## A SIMPLE to SML Compiler

An introduction to the concepts in translating HLL into Assembly

1BA3 – G Lacey – Semester 1 Lecture 4

### Compilers

• Compilers translate High Level Languages (HLLs) like Java and C++ into Machine code

• Two reasons for using HLLs

• Ease of programming

• It is easier to solve large problems using HLLs because most of the machine specific detail is hidden.

• Machine Independence

• Different processors use different instruction sets. This detail is taken care of by the compiler. Thus a c++ program written on a mac will also compile on a p.c.

1BA3 – G Lacey – Semester 1 Lecture 4

### Translating Simple to Simpletron Machine Language

• Compiling a Simple programme involves translating the Simple Code to SML

• Each Simple statement has to be translated into SML instructions

• Each variable must be allocated memory space

• Each constant must be allocated memory space

1BA3 – G Lacey – Semester 1 Lecture 4

### Compiling Simple

• Allocating Data Space for variables and constants

• start at the max memory and work down.

• E.G. in Simpletron begin by allocating memory space 99, then 98, 97...

• Compiling Instructions

• Instructions are placed at the bottom of memory working up.

• E.G. in Simpletron the processor always starts at 00. The first instruction is placed at 00, the next at 01, then 02 ...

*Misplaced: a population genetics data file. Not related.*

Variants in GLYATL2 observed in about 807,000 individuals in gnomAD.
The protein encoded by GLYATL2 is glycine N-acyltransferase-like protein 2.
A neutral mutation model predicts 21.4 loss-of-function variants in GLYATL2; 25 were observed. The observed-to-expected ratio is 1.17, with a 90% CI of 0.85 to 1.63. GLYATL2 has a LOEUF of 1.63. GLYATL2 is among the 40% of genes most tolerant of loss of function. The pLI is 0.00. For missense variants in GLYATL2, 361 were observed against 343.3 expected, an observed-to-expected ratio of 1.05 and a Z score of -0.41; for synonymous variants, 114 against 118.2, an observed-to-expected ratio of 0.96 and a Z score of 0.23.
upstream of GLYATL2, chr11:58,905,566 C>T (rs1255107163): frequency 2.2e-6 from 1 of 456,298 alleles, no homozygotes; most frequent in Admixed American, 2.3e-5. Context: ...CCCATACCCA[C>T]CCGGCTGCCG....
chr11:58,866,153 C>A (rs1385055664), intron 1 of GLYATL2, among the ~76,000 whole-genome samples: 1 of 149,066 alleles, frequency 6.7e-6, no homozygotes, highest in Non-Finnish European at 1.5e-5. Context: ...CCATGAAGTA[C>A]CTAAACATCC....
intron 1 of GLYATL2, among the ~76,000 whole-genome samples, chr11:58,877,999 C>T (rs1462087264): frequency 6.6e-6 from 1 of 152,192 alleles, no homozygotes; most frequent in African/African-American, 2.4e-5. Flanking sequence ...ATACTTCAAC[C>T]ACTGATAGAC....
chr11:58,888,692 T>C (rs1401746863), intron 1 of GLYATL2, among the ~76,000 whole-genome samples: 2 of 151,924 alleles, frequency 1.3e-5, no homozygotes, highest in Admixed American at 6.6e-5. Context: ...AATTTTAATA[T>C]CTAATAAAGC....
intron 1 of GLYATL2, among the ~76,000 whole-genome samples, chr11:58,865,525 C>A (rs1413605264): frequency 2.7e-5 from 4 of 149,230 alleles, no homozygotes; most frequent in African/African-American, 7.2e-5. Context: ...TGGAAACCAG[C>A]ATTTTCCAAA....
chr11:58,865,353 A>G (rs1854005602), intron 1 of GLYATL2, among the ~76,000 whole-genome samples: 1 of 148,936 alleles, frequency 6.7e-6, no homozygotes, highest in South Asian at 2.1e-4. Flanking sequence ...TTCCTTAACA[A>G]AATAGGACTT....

• Running out of space

• If the programme is too big (too much code and too many variables and constants) the instruction space will run into the data space.

1BA3 – G Lacey – Semester 1 Lecture 4

### Example Production Rules for translating Simple into SML

• 10 input x

• input corresponds to the READ operation SML thus the operator part of the SML instruction is 10

• x is a variable and must be allocated memory space if none has been allocated already.

• the instruction placed in memory location 00 is 1099

• 20 print x

• print corresponds to the WRITE operator in SML thus the operator is 11

• x has already been allocated memory location 99

• the instruction in memory location 01 is 1199

• 30 goto 10

• goto corresponds to the BRANCH operator in SML thus the operator is 40

• the instruction compiled from line number 10 was placed in memory location 00 thus the operand is 00

• the instruction 4000 is placed in memory location 02

• 40 end

• corresponds to HALT in SML thus 4300 goes into location 03

1BA3 – G Lacey – Semester 1 Lecture 4

### Example Compilation

Simple Code SML Instructions

10 input x

20 print x

30 goto 10

40 end

1BA3 – G Lacey – Semester 1 Lecture 4

### More Complex Production Rules

• To translate if and goto statements the compiler must generate more than one statement.

• First :

• load x into the accumulator

• Second :

• branch if accumulator is zero to instruction from line number 10

SimpleSML

10 input x

20 if x == 0 goto 10

1BA3 – G Lacey – Semester 1 Lecture 4

### Another Example

SimpleSML

10 input x

20 input y

30 if x > y goto 10

1BA3 – G Lacey – Semester 1 Lecture 4